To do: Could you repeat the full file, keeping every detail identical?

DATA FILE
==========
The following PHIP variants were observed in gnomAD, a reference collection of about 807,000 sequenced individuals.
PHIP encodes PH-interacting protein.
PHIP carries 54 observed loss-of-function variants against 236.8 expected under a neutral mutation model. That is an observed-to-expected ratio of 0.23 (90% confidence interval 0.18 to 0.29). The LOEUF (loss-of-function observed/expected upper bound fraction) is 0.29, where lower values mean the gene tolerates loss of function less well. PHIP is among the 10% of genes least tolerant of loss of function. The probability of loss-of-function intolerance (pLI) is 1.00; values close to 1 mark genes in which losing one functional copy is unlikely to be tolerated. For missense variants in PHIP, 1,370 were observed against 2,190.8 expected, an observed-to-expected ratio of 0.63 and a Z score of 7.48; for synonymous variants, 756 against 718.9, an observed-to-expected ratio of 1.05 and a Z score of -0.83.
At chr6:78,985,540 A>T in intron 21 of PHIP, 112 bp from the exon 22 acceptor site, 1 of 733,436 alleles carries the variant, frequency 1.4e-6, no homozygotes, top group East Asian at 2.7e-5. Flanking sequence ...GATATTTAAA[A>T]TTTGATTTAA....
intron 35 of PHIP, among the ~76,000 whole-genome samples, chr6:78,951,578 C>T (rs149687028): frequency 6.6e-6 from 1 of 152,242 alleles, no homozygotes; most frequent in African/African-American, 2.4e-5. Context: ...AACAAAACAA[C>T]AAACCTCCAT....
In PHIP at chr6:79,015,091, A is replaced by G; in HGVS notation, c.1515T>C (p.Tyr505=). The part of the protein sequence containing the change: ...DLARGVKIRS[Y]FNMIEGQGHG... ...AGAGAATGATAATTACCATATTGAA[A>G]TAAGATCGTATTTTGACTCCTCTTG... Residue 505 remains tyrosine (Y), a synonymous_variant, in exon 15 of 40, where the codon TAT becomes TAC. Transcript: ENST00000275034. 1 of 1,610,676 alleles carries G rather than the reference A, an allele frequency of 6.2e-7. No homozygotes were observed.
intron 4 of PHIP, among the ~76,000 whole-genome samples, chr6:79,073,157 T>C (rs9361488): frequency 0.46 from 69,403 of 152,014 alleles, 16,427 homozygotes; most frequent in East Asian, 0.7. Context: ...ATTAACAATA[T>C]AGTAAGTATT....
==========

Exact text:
The following PHIP variants were observed in gnomAD, a reference collection of about 807,000 sequenced individuals.
PHIP encodes PH-interacting protein.
PHIP carries 54 observed loss-of-function variants against 236.8 expected under a neutral mutation model. That is an observed-to-expected ratio of 0.23 (90% confidence interval 0.18 to 0.29). The LOEUF (loss-of-function observed/expected upper bound fraction) is 0.29, where lower values mean the gene tolerates loss of function less well. PHIP is among the 10% of genes least tolerant of loss of function. The probability of loss-of-function intolerance (pLI) is 1.00; values close to 1 mark genes in which losing one functional copy is unlikely to be tolerated. For missense variants in PHIP, 1,370 were observed against 2,190.8 expected, an observed-to-expected ratio of 0.63 and a Z score of 7.48; for synonymous variants, 756 against 718.9, an observed-to-expected ratio of 1.05 and a Z score of -0.83.
At chr6:78,985,540 A>T in intron 21 of PHIP, 112 bp from the exon 22 acceptor site, 1 of 733,436 alleles carries the variant, frequency 1.4e-6, no homozygotes, top group East Asian at 2.7e-5. Flanking sequence ...GATATTTAAA[A>T]TTTGATTTAA....
intron 35 of PHIP, among the ~76,000 whole-genome samples, chr6:78,951,578 C>T (rs149687028): frequency 6.6e-6 from 1 of 152,242 alleles, no homozygotes; most frequent in African/African-American, 2.4e-5. Context: ...AACAAAACAA[C>T]AAACCTCCAT....
In PHIP at chr6:79,015,091, A is replaced by G; in HGVS notation, c.1515T>C (p.Tyr505=). The part of the protein sequence containing the change: ...DLARGVKIRS[Y]FNMIEGQGHG... ...AGAGAATGATAATTACCATATTGAA[A>G]TAAGATCGTATTTTGACTCCTCTTG... Residue 505 remains tyrosine (Y), a synonymous_variant, in exon 15 of 40, where the codon TAT becomes TAC. Transcript: ENST00000275034. 1 of 1,610,676 alleles carries G rather than the reference A, an allele frequency of 6.2e-7. No homozygotes were observed.
intron 4 of PHIP, among the ~76,000 whole-genome samples, chr6:79,073,157 T>C (rs9361488): frequency 0.46 from 69,403 of 152,014 alleles, 16,427 homozygotes; most frequent in East Asian, 0.7. Context: ...ATTAACAATA[T>C]AGTAAGTATT....